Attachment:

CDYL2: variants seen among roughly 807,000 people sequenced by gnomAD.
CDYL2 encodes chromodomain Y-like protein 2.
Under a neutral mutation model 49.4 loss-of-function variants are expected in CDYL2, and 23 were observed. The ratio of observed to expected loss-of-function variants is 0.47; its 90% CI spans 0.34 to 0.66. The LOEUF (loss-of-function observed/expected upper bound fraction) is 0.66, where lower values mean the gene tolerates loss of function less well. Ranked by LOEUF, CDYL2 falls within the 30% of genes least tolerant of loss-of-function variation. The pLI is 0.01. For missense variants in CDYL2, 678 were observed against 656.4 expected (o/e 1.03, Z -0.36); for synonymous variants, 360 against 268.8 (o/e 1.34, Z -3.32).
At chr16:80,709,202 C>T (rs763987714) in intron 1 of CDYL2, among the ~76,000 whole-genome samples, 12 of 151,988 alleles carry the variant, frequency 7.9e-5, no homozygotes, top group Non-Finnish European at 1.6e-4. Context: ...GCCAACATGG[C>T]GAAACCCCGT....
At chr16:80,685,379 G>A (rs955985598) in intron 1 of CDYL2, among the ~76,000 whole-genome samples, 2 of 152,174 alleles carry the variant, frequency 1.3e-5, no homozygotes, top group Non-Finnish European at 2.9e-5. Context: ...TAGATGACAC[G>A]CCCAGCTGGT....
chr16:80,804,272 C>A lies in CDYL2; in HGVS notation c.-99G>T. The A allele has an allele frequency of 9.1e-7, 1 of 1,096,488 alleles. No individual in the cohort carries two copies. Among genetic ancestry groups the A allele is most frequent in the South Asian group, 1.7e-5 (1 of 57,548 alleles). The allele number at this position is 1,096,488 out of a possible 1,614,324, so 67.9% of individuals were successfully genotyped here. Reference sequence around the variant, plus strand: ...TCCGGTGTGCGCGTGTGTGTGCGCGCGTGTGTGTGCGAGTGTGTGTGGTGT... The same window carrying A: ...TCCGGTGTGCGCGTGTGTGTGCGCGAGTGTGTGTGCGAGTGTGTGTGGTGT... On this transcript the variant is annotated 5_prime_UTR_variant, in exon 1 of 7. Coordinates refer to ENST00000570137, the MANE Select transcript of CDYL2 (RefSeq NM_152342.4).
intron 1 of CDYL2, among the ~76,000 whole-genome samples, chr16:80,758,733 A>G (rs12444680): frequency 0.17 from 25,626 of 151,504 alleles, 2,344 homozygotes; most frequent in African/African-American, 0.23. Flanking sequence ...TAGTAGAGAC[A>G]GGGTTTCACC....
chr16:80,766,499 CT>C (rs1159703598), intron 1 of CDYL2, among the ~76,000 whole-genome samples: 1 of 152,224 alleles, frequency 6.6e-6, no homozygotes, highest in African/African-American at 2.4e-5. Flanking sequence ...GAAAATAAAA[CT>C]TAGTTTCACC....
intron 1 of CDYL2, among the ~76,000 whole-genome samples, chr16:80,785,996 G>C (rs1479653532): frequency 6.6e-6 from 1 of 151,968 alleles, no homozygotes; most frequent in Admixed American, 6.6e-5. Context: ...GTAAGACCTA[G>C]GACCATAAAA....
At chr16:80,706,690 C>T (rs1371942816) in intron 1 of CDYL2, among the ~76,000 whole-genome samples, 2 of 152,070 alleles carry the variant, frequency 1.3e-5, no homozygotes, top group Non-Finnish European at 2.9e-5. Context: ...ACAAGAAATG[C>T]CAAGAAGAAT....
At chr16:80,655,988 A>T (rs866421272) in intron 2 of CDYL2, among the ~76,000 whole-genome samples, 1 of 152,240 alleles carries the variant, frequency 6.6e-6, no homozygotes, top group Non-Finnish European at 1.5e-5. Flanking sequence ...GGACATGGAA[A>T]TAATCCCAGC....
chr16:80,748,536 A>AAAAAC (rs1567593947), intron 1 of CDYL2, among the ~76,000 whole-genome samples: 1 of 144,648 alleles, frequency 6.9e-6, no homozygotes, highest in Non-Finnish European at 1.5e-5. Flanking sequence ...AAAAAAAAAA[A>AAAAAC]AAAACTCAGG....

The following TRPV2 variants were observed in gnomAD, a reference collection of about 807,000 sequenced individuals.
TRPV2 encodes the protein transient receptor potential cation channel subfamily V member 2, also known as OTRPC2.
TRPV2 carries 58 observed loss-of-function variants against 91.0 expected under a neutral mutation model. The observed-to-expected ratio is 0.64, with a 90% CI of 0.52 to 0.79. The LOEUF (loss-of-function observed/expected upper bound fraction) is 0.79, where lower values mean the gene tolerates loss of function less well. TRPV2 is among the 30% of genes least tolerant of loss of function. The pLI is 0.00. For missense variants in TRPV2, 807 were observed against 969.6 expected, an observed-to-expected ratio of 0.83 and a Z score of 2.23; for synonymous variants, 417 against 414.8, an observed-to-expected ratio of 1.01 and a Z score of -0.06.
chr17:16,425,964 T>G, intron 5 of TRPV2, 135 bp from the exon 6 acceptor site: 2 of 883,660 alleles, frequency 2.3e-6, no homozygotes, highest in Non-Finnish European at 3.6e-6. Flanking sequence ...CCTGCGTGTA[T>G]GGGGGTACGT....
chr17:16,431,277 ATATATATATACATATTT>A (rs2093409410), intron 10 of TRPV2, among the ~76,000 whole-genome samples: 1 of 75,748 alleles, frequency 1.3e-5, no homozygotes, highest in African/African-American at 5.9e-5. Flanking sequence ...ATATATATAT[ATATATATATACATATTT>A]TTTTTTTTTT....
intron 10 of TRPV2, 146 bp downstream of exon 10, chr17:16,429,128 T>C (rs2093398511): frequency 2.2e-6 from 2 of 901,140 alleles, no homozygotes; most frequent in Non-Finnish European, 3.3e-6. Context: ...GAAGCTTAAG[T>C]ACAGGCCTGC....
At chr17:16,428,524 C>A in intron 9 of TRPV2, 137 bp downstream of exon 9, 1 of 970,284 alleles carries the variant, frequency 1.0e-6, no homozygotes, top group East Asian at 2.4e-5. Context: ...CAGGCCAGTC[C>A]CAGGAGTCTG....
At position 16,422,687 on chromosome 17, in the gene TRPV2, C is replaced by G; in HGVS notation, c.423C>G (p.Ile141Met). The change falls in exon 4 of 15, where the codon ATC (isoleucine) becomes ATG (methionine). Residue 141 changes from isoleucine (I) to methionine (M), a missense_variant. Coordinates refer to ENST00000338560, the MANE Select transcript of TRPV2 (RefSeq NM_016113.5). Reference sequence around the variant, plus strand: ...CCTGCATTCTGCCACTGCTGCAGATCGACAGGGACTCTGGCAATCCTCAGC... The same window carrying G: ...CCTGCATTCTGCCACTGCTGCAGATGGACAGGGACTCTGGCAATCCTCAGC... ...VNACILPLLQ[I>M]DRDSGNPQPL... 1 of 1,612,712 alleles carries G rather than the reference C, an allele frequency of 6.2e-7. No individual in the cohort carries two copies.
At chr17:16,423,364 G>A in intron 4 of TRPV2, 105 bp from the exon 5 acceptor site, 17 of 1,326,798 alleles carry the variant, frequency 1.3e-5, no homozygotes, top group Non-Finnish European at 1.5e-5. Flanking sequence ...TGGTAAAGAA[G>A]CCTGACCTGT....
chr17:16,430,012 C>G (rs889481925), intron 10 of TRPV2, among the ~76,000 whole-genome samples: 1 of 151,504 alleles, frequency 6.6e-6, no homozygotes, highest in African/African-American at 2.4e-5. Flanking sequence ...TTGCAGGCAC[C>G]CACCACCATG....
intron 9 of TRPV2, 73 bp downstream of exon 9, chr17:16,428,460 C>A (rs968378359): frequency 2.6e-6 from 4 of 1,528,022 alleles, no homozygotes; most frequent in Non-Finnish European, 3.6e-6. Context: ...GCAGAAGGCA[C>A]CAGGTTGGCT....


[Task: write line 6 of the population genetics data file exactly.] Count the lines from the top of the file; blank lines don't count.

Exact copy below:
chr16:80,804,272 C>A lies in CDYL2; in HGVS notation c.-99G>T. The A allele has an allele frequency of 9.1e-7, 1 of 1,096,488 alleles. No individual in the cohort carries two copies. Among genetic ancestry groups the A allele is most frequent in the South Asian group, 1.7e-5 (1 of 57,548 alleles). The allele number at this position is 1,096,488 out of a possible 1,614,324, so 67.9% of individuals were successfully genotyped here. Reference sequence around the variant, plus strand: ...TCCGGTGTGCGCGTGTGTGTGCGCGCGTGTGTGTGCGAGTGTGTGTGGTGT... The same window carrying A: ...TCCGGTGTGCGCGTGTGTGTGCGCGAGTGTGTGTGCGAGTGTGTGTGGTGT... On this transcript the variant is annotated 5_prime_UTR_variant, in exon 1 of 7. Coordinates refer to ENST00000570137, the MANE Select transcript of CDYL2 (RefSeq NM_152342.4).